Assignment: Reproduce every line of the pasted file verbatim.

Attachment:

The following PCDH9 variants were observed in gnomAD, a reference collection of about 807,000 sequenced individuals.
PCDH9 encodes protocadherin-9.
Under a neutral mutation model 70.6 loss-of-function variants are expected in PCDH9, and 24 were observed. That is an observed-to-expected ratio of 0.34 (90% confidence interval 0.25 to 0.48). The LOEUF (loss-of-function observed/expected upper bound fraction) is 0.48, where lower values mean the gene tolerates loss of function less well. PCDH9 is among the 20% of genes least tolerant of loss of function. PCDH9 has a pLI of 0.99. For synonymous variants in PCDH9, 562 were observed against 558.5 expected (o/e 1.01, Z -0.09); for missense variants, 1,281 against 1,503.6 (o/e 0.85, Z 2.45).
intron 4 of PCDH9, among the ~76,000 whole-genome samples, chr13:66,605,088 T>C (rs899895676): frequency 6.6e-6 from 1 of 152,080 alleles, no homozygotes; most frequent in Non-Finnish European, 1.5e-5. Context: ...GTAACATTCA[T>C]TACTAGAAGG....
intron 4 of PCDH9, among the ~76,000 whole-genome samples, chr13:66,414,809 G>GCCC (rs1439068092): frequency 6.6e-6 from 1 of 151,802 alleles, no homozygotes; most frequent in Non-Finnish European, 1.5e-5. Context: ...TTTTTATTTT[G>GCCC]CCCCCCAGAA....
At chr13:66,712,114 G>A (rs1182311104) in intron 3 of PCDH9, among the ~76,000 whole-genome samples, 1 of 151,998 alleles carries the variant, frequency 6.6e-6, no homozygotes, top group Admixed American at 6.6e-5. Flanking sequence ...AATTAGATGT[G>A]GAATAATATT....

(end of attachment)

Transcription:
The following PCDH9 variants were observed in gnomAD, a reference collection of about 807,000 sequenced individuals.
PCDH9 encodes protocadherin-9.
Under a neutral mutation model 70.6 loss-of-function variants are expected in PCDH9, and 24 were observed. That is an observed-to-expected ratio of 0.34 (90% confidence interval 0.25 to 0.48). The LOEUF (loss-of-function observed/expected upper bound fraction) is 0.48, where lower values mean the gene tolerates loss of function less well. PCDH9 is among the 20% of genes least tolerant of loss of function. PCDH9 has a pLI of 0.99. For synonymous variants in PCDH9, 562 were observed against 558.5 expected (o/e 1.01, Z -0.09); for missense variants, 1,281 against 1,503.6 (o/e 0.85, Z 2.45).
intron 4 of PCDH9, among the ~76,000 whole-genome samples, chr13:66,605,088 T>C (rs899895676): frequency 6.6e-6 from 1 of 152,080 alleles, no homozygotes; most frequent in Non-Finnish European, 1.5e-5. Context: ...GTAACATTCA[T>C]TACTAGAAGG....
intron 4 of PCDH9, among the ~76,000 whole-genome samples, chr13:66,414,809 G>GCCC (rs1439068092): frequency 6.6e-6 from 1 of 151,802 alleles, no homozygotes; most frequent in Non-Finnish European, 1.5e-5. Context: ...TTTTTATTTT[G>GCCC]CCCCCCAGAA....
At chr13:66,712,114 G>A (rs1182311104) in intron 3 of PCDH9, among the ~76,000 whole-genome samples, 1 of 151,998 alleles carries the variant, frequency 6.6e-6, no homozygotes, top group Admixed American at 6.6e-5. Flanking sequence ...AATTAGATGT[G>A]GAATAATATT....